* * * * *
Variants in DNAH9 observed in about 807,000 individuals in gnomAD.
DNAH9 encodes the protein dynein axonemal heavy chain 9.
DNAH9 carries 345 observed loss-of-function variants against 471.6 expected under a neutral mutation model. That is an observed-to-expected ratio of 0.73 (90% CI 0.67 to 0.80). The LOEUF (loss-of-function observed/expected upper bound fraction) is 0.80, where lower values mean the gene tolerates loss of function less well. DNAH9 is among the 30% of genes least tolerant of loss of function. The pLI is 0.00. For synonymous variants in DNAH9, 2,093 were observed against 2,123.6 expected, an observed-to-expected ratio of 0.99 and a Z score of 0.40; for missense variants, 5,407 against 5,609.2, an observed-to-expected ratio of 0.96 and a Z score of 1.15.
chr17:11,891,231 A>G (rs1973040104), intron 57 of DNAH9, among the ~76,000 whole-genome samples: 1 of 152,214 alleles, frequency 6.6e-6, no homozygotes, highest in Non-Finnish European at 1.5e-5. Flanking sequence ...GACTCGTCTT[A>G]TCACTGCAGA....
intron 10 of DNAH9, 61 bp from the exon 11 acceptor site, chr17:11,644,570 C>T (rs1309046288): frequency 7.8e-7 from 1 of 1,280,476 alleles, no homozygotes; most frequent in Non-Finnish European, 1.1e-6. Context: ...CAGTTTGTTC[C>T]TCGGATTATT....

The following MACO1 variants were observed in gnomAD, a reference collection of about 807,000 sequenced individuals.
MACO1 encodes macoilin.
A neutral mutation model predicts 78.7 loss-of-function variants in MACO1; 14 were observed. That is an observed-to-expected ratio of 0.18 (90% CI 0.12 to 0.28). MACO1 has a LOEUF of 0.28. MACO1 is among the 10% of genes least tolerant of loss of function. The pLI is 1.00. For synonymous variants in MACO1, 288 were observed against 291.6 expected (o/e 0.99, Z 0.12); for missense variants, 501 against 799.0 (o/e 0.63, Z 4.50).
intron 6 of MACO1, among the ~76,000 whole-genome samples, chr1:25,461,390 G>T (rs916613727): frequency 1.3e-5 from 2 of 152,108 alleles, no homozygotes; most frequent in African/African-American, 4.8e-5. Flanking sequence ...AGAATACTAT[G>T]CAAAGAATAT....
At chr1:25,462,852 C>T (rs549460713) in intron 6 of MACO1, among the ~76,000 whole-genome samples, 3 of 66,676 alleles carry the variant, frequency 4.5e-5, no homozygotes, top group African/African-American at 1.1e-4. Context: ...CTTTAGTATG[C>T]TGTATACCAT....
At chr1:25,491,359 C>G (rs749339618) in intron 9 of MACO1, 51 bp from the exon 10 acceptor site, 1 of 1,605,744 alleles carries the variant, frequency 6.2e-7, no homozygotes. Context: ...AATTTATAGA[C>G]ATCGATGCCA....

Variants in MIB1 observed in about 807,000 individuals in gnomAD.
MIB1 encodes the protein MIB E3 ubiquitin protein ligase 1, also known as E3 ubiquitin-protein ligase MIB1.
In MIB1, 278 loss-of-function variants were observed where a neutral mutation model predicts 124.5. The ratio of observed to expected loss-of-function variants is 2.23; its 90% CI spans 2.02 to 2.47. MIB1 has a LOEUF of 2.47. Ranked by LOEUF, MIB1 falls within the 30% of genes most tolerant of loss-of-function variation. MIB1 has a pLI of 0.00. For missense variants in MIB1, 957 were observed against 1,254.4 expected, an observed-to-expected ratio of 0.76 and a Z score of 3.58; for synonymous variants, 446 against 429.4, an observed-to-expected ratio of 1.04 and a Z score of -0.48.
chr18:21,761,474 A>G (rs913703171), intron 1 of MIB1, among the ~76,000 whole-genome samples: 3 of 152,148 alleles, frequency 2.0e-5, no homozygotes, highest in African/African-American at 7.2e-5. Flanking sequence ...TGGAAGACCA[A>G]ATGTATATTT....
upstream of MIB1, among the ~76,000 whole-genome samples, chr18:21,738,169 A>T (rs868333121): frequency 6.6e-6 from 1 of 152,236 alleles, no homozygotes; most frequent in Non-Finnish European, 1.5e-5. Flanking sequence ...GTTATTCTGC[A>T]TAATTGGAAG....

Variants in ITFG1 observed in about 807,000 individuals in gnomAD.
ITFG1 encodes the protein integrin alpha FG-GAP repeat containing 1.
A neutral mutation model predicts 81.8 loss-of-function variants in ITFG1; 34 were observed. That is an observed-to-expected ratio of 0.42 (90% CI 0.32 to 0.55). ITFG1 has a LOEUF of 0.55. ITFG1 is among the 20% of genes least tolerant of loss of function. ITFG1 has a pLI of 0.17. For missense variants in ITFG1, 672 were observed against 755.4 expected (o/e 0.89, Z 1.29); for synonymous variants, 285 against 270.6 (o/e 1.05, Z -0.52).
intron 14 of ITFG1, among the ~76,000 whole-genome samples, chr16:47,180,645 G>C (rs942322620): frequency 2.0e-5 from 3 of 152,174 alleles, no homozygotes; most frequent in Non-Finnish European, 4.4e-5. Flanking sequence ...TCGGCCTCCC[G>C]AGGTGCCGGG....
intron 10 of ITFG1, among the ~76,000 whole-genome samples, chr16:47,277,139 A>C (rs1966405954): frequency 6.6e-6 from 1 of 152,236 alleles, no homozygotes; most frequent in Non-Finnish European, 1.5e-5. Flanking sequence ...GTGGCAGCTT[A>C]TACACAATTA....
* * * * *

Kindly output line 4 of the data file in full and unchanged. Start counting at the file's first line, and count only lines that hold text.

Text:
chr17:11,891,231 A>G (rs1973040104), intron 57 of DNAH9, among the ~76,000 whole-genome samples: 1 of 152,214 alleles, frequency 6.6e-6, no homozygotes, highest in Non-Finnish European at 1.5e-5. Flanking sequence ...GACTCGTCTT[A>G]TCACTGCAGA....